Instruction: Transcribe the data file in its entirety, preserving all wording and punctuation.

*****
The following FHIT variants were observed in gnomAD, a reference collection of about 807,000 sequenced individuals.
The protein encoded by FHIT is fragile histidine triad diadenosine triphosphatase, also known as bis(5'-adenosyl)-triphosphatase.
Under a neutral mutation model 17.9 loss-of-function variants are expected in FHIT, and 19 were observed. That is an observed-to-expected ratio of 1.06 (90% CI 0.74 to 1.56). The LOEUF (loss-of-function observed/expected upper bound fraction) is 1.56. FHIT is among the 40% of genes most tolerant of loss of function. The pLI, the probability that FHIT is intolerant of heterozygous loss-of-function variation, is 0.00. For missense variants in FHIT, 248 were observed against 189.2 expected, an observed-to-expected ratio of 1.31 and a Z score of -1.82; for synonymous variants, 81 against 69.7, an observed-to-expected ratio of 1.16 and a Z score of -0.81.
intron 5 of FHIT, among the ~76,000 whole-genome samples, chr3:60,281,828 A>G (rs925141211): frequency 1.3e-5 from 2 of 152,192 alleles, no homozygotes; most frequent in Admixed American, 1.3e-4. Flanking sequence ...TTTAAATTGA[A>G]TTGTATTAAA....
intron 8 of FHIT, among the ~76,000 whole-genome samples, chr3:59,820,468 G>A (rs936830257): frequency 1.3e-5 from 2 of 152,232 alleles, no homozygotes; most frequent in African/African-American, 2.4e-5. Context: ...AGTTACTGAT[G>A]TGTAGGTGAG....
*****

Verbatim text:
The following FHIT variants were observed in gnomAD, a reference collection of about 807,000 sequenced individuals.
The protein encoded by FHIT is fragile histidine triad diadenosine triphosphatase, also known as bis(5'-adenosyl)-triphosphatase.
Under a neutral mutation model 17.9 loss-of-function variants are expected in FHIT, and 19 were observed. That is an observed-to-expected ratio of 1.06 (90% CI 0.74 to 1.56). The LOEUF (loss-of-function observed/expected upper bound fraction) is 1.56. FHIT is among the 40% of genes most tolerant of loss of function. The pLI, the probability that FHIT is intolerant of heterozygous loss-of-function variation, is 0.00. For missense variants in FHIT, 248 were observed against 189.2 expected, an observed-to-expected ratio of 1.31 and a Z score of -1.82; for synonymous variants, 81 against 69.7, an observed-to-expected ratio of 1.16 and a Z score of -0.81.
intron 5 of FHIT, among the ~76,000 whole-genome samples, chr3:60,281,828 A>G (rs925141211): frequency 1.3e-5 from 2 of 152,192 alleles, no homozygotes; most frequent in Admixed American, 1.3e-4. Flanking sequence ...TTTAAATTGA[A>G]TTGTATTAAA....
intron 8 of FHIT, among the ~76,000 whole-genome samples, chr3:59,820,468 G>A (rs936830257): frequency 1.3e-5 from 2 of 152,232 alleles, no homozygotes; most frequent in African/African-American, 2.4e-5. Context: ...AGTTACTGAT[G>A]TGTAGGTGAG....